Execute Program’s lessons unfurl their prose in response to reader interaction

In Execute Program, you can’t read a whole lesson at once: you read a paragraph or two, then you press a Continue button, then another paragraph or two appears, and then you’re presented with a prompt. Once you answer the prompt, the next section of prose is presented. It’s a tight input/output cycle with a consistent cadence.

This fine-grained cycle is totally unlike reading a book, in which the reader controls the pacing and depth. In a traditional online book, all the text is present all the time; the only interaction is scrolling. Scrolling is continuous, while Execute Program’s steps are discrete, scrolling for you along the way. The former does seem noticeably more comfortable. In this sense, Execute Program is closer to mimicking a conversation, but one in which you nod and do as you’re told. See Interaction is a cost center in interface design.

But this design does create a highly consistent reading experience. In the Mnemonic medium, you can scroll and read freely through the whole text. Switching between “reading mode” and “interacting mode” requires you to stop scrolling and point-and-click on the review boxes. In this sense, the interactive prompts feel somewhat more “at home” in Execute Program than in the mnemonic medium: each “bit” of an Execute Program lesson, whether it’s reading or answering a prompt, requires interaction, so it feels like there’s less “switching” than in a mnemonic essay.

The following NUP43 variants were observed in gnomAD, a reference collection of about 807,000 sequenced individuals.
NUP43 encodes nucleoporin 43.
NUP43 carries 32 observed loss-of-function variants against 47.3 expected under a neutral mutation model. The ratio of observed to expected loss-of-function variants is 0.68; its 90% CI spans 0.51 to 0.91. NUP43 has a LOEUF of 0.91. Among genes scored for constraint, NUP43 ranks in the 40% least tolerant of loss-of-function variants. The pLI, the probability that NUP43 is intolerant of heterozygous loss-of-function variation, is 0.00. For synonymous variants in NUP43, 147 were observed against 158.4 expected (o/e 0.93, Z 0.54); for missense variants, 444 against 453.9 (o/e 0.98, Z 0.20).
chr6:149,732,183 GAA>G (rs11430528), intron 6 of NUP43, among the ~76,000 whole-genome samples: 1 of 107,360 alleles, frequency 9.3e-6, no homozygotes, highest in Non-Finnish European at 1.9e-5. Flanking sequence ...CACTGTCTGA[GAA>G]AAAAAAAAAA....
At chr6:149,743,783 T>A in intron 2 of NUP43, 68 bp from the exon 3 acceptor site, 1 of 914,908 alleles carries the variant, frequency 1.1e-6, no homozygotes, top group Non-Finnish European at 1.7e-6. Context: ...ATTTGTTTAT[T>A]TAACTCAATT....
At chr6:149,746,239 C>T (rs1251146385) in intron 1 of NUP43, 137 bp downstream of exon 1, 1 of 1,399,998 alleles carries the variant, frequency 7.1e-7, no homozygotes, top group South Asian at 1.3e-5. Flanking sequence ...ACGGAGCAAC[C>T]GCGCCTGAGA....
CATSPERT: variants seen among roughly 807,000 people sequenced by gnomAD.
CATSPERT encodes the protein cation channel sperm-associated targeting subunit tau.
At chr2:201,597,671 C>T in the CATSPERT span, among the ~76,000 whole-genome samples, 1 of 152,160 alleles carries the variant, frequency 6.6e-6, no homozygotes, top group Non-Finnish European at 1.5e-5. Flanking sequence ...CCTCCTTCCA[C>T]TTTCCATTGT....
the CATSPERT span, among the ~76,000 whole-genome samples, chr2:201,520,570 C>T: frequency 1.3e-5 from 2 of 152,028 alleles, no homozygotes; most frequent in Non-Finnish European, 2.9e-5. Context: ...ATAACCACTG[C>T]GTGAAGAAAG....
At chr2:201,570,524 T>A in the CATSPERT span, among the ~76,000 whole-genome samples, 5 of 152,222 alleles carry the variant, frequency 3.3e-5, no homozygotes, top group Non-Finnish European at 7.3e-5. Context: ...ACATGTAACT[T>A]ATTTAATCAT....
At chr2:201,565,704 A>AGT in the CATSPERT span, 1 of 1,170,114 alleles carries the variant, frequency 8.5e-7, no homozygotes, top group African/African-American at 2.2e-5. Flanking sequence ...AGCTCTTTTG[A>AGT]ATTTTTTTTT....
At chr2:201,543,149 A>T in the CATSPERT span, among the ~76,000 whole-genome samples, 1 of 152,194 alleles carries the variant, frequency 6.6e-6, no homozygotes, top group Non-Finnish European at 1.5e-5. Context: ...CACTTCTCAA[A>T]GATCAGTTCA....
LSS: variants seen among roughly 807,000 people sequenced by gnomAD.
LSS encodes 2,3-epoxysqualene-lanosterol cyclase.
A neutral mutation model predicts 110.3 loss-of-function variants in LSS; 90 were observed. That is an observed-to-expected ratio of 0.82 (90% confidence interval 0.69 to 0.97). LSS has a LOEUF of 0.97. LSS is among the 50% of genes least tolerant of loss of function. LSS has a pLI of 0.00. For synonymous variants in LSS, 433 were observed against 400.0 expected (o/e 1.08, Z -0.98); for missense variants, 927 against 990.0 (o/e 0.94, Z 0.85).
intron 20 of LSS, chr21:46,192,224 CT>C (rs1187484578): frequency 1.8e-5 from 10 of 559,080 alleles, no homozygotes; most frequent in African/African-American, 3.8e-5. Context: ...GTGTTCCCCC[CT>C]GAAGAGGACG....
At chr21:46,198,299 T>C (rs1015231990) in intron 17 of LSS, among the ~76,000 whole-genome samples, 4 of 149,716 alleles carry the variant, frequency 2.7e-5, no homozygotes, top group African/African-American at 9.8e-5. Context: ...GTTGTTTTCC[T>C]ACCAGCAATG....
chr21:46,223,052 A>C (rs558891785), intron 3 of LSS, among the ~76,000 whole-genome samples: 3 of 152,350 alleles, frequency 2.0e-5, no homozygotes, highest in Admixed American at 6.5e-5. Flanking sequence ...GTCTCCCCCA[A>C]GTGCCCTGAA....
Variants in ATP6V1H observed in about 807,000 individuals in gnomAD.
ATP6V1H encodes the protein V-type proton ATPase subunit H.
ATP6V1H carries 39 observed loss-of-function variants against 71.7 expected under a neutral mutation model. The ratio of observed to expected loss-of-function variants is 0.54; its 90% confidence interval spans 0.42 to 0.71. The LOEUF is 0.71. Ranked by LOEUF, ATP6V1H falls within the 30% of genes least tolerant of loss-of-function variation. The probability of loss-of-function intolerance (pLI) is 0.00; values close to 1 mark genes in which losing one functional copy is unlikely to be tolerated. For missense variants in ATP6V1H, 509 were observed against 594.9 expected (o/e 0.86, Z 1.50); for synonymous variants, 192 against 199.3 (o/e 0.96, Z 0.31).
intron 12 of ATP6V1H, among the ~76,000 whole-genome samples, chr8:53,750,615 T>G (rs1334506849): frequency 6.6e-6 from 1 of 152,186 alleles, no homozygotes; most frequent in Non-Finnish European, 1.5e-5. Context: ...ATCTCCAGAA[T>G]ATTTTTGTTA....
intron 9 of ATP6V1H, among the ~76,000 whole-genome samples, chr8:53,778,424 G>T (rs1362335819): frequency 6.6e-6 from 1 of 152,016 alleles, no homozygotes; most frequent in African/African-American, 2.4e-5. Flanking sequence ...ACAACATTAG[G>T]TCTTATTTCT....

Likewise, in the mnemonic medium, it’s possible to “skip” review areas, either accidentally or intentionally; this creates extra state for the reader to keep track of. Execute Program’s lessons are linear; the reader can go along for the ride.

Enacted experiences require blocking on participant action; so is Execute Program an Enacted experience? No: Enacted experiences require participant-situated cause and effect.

Q. How is the experience of reading a lesson’s prose in Execute Program different from reading a book’s prose?
A. It unfurls its paragraphs one-by-one, in response to user interaction. You can’t read the whole thing at once.

Q. Why do the prompt interactions feel somewhat more “at home” in Execute Program than in Quantum Country?
A. Reading requires interaction in Execute Program, so the prompts don’t require you to switch to an interactive stance.